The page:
In a rush of comprehension we realized that the RED door had three hinges, and that the location of the RED door hinges did, in fact, PERFECTLY align with the original hinge plate locations on the OUTER door frame.
And the hinge locations of the current outer door matched perfectly with the INNER frame.
In short, my dear Watson, the red door was originally the outer door, and the current outer door was originally the inner door.
Sparks shot out of Justin’s ears and mine.
At some point the two doors were switched. And later one door was moved to the dining room.
When I drew the above I just assumed that the closet door opened out. This is what ALL small closet doors do. For, if a small closet door opens IN you really can’t fit anything into the closet.
But, yesterday Justin and I looked at the door opening (the door itself is stored in the basement) and realized something odd. Something very odd, indeed:
- The door originally opened INTO the closet.
- The hinges on the frame, and the strike-plate, were set BACK about an inch from what is normal.
Wafts of smoke resumed emanating from our ears.
At this point a visitor would have thought the house was on fire as there was so much smoke in the hall.
No matter how many ideas Justin and I pondered and re-pondered nothing made sense of this BIZARRE configuration.
All the evidence shows:
- The closet door is original.
- The door opened INTO the closet, meaning that one could not really put anything in the closet. Huh?
- The door was, inexplicably, set back into the frame about an inch. Somebody went to a lot of trouble to save an inch. But why????????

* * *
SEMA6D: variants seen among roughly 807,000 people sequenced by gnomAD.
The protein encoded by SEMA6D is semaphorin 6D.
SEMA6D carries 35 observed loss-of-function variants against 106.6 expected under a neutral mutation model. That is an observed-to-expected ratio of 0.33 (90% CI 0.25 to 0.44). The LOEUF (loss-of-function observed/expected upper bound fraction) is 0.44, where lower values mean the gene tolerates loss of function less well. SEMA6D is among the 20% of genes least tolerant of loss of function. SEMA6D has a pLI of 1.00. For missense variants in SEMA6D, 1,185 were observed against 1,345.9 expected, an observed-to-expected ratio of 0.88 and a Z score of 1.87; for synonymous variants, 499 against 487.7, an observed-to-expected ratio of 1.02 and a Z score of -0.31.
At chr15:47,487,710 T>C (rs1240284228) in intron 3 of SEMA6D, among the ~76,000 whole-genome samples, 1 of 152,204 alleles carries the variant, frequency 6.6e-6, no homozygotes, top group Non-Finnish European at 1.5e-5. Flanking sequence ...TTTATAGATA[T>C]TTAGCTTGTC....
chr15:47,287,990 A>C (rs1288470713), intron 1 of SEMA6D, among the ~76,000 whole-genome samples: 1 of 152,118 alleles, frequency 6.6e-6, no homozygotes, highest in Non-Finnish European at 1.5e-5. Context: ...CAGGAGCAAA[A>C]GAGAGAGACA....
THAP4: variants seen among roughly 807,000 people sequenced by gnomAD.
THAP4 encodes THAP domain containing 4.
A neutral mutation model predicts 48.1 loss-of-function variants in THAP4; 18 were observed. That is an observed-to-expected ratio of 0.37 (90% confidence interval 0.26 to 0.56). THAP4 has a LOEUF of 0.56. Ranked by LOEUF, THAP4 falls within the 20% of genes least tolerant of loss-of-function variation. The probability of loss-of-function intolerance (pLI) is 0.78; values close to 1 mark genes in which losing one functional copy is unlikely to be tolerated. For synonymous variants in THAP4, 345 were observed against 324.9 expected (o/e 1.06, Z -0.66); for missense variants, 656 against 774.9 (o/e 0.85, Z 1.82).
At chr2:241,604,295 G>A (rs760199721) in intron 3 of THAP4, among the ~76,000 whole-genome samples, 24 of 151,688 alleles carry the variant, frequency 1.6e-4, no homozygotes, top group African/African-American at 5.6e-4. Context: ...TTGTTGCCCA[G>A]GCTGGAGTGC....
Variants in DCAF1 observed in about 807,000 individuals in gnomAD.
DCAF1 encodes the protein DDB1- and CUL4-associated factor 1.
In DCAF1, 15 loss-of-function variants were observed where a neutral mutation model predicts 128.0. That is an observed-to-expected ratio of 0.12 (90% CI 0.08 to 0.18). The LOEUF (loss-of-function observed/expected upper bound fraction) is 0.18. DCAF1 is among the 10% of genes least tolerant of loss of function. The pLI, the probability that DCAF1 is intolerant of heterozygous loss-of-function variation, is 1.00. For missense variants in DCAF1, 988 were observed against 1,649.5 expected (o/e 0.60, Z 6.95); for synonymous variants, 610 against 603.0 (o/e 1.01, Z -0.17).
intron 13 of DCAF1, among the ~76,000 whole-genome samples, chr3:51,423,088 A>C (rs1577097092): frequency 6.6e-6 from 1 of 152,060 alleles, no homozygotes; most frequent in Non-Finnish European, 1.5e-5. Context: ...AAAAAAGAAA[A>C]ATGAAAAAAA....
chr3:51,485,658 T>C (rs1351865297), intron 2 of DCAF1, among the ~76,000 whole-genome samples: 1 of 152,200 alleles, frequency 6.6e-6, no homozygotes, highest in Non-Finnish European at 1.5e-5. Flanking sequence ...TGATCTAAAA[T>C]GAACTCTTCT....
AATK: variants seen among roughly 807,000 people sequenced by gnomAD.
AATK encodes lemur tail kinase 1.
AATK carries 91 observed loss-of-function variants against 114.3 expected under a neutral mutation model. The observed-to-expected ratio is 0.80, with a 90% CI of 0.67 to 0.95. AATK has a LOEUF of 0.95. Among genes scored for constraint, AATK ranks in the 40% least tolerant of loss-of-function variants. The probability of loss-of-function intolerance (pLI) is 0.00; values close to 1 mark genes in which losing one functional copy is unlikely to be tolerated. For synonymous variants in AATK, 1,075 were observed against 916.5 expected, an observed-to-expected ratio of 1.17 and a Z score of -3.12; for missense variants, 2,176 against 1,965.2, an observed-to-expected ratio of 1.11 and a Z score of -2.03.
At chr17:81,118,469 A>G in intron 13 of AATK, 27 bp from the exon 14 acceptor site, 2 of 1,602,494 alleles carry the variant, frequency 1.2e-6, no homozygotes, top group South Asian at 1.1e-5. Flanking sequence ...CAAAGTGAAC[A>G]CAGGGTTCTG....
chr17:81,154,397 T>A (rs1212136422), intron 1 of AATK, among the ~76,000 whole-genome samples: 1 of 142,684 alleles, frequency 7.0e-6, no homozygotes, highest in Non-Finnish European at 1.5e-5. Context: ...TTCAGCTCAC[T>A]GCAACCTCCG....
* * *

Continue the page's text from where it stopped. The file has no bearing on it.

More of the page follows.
Justin and I had no answers.
Our brains are now in the emergency room. Please send cards and chocolate. And good dry red wine.
I have long suspected that there was no coal room in the basement of the Cross House.
No such room is shown on the original plan:
Of course the plan could be incomplete. It does not show, for example, any laundry tubs in the laundry room but the room certainly had tubs. Nor is any lighting shown, as is shown for the upper floors.
I have also noticed the absence of a coal chute in the exterior limestone foundation, or even the slightest indication of one removed and then patched over.
Thus, I have long kinda sorta thought that coal was stored in the carriage house.
Yesterday another thought popped into my head: The boilers were also in the carriage house!
This would mean that the coal was sensibly stored adjacent to the boilers!
I am guessing that because the Cross House basement had a large laundry room perhaps the idea was to keep dirty dirty dirty coal out of the absent altogether.
Moroever, having remote boilers was not unusual at the time. In cities across America there were huge boiler plants which sent steam and hot water to hundreds of nearby buildings. Because the Cross House was so advanced having a remote boiler would not surprise me.
Harrison Cross also built the houses just south of the Cross House. Were these, too, serviced by the carriage house boiler plant?
SUPPOSITION: A belief held without proof or certain knowledge.